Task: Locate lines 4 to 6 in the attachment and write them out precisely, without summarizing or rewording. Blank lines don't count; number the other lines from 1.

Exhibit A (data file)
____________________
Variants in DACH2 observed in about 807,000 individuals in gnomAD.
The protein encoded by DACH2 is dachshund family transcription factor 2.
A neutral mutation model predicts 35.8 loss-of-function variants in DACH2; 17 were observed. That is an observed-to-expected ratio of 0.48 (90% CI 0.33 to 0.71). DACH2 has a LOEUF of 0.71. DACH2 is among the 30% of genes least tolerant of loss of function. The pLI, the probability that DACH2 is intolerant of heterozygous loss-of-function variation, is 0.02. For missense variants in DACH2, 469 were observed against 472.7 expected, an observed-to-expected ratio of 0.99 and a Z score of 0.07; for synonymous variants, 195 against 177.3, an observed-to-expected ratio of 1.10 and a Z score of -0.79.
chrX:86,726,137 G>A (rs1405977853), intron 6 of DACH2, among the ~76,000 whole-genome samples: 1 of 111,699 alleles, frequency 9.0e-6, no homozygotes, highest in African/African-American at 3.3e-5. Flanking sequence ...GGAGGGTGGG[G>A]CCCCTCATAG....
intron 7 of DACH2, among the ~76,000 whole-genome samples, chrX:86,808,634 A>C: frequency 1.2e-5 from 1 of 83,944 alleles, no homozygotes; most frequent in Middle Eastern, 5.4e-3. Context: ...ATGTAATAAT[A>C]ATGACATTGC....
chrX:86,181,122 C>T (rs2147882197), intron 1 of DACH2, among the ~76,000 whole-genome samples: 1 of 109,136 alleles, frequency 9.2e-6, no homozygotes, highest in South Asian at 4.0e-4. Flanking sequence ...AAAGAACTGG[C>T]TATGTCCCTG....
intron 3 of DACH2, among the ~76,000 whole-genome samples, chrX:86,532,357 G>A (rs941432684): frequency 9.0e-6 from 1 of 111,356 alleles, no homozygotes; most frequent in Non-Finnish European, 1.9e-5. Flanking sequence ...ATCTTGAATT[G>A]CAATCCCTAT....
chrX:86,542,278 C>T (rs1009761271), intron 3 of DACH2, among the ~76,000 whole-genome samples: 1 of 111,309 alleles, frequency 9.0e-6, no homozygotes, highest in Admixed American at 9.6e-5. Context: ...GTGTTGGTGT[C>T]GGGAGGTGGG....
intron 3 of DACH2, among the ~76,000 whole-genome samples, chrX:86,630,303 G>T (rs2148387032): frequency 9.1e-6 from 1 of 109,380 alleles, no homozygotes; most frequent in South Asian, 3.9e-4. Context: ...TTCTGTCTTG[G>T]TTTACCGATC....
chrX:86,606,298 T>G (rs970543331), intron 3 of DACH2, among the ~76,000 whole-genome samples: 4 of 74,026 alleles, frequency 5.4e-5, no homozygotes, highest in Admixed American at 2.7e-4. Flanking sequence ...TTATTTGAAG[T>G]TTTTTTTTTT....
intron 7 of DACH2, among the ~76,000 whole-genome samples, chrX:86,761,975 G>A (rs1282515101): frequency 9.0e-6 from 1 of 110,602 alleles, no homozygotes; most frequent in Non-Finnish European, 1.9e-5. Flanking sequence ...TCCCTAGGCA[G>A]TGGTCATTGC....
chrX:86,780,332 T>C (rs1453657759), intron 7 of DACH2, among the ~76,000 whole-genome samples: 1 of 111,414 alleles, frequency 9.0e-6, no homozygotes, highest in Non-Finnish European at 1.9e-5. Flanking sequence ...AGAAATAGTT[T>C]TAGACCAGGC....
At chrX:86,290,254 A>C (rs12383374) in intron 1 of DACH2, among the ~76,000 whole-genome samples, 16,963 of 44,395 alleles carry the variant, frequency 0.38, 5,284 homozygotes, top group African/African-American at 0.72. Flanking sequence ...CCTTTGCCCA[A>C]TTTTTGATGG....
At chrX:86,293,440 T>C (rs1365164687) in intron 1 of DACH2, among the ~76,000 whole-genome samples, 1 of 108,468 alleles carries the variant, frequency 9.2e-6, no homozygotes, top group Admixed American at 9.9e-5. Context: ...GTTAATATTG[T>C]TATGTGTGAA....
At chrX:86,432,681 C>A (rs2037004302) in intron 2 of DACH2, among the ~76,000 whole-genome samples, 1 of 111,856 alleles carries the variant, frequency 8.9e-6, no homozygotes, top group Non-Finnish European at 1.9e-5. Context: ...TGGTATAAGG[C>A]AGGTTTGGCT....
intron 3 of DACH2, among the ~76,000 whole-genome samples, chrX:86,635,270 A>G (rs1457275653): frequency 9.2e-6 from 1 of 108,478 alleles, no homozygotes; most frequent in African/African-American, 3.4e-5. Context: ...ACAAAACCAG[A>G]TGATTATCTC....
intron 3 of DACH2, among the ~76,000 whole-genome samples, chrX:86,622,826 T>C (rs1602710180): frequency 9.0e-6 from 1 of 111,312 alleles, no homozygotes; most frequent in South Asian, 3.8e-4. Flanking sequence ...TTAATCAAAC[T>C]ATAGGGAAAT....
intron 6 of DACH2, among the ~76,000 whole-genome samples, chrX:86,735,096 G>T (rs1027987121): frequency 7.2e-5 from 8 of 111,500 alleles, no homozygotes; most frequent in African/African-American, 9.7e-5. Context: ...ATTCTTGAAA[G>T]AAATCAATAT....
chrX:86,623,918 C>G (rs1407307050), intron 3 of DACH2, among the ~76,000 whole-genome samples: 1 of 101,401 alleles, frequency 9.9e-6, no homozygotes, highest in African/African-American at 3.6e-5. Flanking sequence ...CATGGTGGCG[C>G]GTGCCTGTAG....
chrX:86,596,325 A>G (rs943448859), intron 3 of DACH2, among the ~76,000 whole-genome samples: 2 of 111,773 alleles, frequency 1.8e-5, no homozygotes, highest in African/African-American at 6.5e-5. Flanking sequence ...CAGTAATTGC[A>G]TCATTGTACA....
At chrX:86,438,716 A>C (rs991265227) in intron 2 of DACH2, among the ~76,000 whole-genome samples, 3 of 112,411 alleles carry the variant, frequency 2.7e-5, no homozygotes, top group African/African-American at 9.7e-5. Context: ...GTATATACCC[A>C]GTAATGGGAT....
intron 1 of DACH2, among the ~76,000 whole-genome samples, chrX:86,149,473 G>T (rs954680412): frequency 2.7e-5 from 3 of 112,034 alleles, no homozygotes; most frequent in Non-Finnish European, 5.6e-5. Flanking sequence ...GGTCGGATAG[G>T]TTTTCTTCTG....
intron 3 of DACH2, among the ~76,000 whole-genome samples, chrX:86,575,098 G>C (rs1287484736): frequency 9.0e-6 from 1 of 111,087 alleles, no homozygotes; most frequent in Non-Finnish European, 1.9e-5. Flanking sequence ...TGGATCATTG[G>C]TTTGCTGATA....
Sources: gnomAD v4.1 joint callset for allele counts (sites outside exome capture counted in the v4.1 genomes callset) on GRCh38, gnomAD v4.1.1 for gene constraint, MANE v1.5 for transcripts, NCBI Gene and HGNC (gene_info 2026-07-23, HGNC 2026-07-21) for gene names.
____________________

chrX:86,726,137 G>A (rs1405977853), intron 6 of DACH2, among the ~76,000 whole-genome samples: 1 of 111,699 alleles, frequency 9.0e-6, no homozygotes, highest in African/African-American at 3.3e-5. Flanking sequence ...GGAGGGTGGG[G>A]CCCCTCATAG....
intron 7 of DACH2, among the ~76,000 whole-genome samples, chrX:86,808,634 A>C: frequency 1.2e-5 from 1 of 83,944 alleles, no homozygotes; most frequent in Middle Eastern, 5.4e-3. Context: ...ATGTAATAAT[A>C]ATGACATTGC....
chrX:86,181,122 C>T (rs2147882197), intron 1 of DACH2, among the ~76,000 whole-genome samples: 1 of 109,136 alleles, frequency 9.2e-6, no homozygotes, highest in South Asian at 4.0e-4. Flanking sequence ...AAAGAACTGG[C>T]TATGTCCCTG....